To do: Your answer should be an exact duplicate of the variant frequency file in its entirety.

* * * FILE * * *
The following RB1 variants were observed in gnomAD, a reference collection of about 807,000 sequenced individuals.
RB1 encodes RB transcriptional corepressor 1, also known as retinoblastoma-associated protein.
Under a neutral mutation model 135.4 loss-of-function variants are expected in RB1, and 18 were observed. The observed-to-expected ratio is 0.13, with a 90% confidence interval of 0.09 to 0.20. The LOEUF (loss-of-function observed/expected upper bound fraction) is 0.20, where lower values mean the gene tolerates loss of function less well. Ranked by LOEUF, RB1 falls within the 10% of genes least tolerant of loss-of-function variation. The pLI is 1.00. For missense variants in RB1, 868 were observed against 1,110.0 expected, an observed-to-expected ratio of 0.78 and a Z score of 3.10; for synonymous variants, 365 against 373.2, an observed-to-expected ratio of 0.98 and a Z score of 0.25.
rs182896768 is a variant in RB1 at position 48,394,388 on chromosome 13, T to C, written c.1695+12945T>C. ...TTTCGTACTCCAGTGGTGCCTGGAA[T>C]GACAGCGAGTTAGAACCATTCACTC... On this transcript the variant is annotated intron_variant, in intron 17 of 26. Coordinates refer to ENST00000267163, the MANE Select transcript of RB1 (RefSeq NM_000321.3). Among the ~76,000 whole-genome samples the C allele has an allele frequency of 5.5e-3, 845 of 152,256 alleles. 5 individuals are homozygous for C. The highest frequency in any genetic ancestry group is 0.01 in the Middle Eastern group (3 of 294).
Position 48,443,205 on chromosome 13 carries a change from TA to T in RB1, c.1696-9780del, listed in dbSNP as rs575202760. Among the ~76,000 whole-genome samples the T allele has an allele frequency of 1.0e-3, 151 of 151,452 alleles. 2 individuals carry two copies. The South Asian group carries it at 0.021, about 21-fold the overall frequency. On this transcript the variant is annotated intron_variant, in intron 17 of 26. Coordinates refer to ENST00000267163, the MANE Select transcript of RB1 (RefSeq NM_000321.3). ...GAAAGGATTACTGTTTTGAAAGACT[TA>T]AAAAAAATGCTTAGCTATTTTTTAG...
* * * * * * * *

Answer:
The following RB1 variants were observed in gnomAD, a reference collection of about 807,000 sequenced individuals.
RB1 encodes RB transcriptional corepressor 1, also known as retinoblastoma-associated protein.
Under a neutral mutation model 135.4 loss-of-function variants are expected in RB1, and 18 were observed. The observed-to-expected ratio is 0.13, with a 90% confidence interval of 0.09 to 0.20. The LOEUF (loss-of-function observed/expected upper bound fraction) is 0.20, where lower values mean the gene tolerates loss of function less well. Ranked by LOEUF, RB1 falls within the 10% of genes least tolerant of loss-of-function variation. The pLI is 1.00. For missense variants in RB1, 868 were observed against 1,110.0 expected, an observed-to-expected ratio of 0.78 and a Z score of 3.10; for synonymous variants, 365 against 373.2, an observed-to-expected ratio of 0.98 and a Z score of 0.25.
rs182896768 is a variant in RB1 at position 48,394,388 on chromosome 13, T to C, written c.1695+12945T>C. ...TTTCGTACTCCAGTGGTGCCTGGAA[T>C]GACAGCGAGTTAGAACCATTCACTC... On this transcript the variant is annotated intron_variant, in intron 17 of 26. Coordinates refer to ENST00000267163, the MANE Select transcript of RB1 (RefSeq NM_000321.3). Among the ~76,000 whole-genome samples the C allele has an allele frequency of 5.5e-3, 845 of 152,256 alleles. 5 individuals are homozygous for C. The highest frequency in any genetic ancestry group is 0.01 in the Middle Eastern group (3 of 294).
Position 48,443,205 on chromosome 13 carries a change from TA to T in RB1, c.1696-9780del, listed in dbSNP as rs575202760. Among the ~76,000 whole-genome samples the T allele has an allele frequency of 1.0e-3, 151 of 151,452 alleles. 2 individuals carry two copies. The South Asian group carries it at 0.021, about 21-fold the overall frequency. On this transcript the variant is annotated intron_variant, in intron 17 of 26. Coordinates refer to ENST00000267163, the MANE Select transcript of RB1 (RefSeq NM_000321.3). ...GAAAGGATTACTGTTTTGAAAGACT[TA>T]AAAAAAATGCTTAGCTATTTTTTAG...